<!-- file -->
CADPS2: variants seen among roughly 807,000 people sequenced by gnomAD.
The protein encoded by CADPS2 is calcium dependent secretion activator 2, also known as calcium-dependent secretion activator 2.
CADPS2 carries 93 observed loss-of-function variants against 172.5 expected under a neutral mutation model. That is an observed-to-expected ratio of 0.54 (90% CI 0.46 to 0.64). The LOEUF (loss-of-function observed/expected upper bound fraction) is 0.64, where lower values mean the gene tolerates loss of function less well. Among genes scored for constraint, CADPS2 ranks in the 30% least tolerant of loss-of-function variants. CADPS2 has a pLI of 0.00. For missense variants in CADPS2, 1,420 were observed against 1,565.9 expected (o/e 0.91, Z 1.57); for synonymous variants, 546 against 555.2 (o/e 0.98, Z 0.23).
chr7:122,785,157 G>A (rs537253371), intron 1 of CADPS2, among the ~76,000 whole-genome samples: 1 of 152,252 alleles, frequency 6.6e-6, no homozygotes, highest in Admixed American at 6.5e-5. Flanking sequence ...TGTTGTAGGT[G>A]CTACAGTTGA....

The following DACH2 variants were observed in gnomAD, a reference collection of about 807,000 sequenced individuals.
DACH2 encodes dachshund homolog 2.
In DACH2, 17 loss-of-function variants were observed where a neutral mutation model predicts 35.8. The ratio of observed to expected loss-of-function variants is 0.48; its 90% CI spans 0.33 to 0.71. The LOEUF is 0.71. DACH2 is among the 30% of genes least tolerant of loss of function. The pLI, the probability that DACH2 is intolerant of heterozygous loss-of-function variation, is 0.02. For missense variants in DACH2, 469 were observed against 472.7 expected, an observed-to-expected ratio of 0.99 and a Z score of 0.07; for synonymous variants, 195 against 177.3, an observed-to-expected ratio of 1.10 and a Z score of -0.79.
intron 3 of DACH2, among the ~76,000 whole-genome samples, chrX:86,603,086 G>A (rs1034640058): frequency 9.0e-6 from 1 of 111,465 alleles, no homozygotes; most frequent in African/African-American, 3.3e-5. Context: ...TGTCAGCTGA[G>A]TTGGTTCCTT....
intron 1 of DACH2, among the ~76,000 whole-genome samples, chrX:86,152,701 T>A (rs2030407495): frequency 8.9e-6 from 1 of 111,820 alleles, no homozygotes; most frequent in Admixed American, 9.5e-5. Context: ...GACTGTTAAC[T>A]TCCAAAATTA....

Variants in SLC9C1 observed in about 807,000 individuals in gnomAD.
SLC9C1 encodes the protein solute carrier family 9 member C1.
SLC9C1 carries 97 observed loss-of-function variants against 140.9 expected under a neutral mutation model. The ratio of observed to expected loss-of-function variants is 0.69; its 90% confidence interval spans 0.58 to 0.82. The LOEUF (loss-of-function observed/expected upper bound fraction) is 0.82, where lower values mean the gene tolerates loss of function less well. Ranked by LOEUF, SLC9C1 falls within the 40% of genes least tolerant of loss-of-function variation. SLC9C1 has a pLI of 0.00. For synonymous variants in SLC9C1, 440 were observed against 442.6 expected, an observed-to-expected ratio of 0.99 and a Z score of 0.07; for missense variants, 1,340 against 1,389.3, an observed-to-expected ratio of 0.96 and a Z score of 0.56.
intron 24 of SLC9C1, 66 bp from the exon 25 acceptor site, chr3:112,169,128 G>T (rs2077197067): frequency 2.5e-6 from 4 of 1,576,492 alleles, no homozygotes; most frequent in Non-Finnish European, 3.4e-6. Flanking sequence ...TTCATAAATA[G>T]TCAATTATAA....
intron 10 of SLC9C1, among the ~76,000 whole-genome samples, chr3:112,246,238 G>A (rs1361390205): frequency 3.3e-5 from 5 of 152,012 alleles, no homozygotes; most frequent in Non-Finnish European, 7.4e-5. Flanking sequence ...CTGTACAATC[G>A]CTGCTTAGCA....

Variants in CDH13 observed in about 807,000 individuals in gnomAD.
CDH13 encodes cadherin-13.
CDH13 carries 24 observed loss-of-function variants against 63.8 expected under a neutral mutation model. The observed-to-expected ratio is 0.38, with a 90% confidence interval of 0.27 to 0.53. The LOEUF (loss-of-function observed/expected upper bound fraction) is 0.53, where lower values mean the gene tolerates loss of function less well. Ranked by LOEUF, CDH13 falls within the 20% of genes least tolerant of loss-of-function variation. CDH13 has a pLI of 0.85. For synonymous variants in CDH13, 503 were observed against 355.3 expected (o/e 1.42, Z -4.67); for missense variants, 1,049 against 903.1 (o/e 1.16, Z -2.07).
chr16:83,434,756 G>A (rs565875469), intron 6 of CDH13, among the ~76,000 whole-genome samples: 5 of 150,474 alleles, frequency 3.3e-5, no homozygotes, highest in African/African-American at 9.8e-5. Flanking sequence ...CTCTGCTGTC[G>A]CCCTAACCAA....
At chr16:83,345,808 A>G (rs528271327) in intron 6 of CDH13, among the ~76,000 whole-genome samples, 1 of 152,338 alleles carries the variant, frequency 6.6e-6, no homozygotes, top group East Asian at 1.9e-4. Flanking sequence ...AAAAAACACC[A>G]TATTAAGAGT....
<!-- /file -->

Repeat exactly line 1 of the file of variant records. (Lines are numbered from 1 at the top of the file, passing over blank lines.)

CADPS2: variants seen among roughly 807,000 people sequenced by gnomAD.